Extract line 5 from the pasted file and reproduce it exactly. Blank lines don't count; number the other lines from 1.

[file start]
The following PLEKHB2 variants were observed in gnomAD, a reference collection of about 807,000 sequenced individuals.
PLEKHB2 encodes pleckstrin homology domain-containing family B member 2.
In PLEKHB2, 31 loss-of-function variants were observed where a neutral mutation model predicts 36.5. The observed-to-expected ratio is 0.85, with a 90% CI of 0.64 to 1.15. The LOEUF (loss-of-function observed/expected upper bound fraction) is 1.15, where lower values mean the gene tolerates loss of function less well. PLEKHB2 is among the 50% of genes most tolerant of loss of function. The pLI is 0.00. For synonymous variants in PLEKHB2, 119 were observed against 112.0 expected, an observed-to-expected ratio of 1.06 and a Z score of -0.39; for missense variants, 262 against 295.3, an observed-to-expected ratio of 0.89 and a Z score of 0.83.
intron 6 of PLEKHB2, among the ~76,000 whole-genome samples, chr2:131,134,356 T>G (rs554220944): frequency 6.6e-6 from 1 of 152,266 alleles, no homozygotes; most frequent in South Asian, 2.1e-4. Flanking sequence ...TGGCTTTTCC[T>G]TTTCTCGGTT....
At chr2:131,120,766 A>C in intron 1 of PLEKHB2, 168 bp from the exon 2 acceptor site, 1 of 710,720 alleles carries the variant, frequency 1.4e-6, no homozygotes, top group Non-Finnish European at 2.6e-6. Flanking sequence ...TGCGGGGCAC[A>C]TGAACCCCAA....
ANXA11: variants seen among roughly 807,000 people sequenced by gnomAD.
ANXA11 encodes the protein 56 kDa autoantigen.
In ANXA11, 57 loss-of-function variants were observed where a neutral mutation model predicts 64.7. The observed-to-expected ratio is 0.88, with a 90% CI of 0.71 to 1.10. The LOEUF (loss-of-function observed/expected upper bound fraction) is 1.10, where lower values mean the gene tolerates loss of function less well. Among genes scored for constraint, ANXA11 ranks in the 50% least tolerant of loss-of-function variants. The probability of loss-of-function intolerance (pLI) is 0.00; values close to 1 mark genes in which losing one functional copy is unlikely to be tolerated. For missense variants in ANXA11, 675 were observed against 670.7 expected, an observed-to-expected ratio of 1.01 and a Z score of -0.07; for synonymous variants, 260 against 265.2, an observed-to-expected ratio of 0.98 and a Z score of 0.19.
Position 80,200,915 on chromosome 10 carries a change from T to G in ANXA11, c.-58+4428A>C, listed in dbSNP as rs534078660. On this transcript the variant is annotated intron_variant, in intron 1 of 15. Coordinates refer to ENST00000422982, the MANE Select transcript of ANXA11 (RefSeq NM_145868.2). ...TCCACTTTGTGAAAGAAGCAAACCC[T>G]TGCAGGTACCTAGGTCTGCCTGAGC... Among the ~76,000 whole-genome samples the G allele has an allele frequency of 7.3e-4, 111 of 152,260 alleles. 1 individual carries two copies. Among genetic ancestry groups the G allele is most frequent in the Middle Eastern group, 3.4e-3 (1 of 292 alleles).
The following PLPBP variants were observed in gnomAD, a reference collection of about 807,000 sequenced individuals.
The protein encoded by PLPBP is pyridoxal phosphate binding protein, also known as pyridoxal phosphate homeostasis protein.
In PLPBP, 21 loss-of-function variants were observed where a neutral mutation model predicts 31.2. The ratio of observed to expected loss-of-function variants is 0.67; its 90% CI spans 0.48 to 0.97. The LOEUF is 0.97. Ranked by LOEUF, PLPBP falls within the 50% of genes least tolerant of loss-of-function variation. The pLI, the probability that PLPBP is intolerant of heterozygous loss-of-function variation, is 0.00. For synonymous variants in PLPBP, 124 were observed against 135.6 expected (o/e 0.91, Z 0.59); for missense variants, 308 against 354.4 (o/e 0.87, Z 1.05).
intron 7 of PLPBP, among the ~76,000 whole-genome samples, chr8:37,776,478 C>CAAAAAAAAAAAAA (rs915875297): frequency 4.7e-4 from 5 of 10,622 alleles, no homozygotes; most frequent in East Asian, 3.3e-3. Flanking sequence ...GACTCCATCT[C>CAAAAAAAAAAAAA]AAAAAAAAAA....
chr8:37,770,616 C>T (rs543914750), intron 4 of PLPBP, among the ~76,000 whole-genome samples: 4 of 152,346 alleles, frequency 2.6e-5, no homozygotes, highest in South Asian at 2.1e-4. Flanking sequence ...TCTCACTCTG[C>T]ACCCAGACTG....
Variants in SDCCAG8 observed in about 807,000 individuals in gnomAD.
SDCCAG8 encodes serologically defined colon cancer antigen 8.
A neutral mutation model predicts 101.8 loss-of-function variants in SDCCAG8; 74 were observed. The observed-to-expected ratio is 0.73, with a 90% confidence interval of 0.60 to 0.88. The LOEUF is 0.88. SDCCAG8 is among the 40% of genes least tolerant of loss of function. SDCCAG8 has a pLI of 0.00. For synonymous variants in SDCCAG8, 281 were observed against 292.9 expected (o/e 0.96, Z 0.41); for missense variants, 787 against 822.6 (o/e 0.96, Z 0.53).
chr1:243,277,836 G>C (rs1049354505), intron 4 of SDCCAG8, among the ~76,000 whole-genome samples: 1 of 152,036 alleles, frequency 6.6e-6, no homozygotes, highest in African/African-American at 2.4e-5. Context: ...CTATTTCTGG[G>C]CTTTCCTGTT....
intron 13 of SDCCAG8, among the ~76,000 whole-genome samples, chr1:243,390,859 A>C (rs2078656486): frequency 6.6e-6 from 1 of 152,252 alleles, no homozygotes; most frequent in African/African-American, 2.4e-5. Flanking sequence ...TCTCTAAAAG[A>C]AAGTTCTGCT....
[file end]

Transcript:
At chr2:131,120,766 A>C in intron 1 of PLEKHB2, 168 bp from the exon 2 acceptor site, 1 of 710,720 alleles carries the variant, frequency 1.4e-6, no homozygotes, top group Non-Finnish European at 2.6e-6. Flanking sequence ...TGCGGGGCAC[A>C]TGAACCCCAA....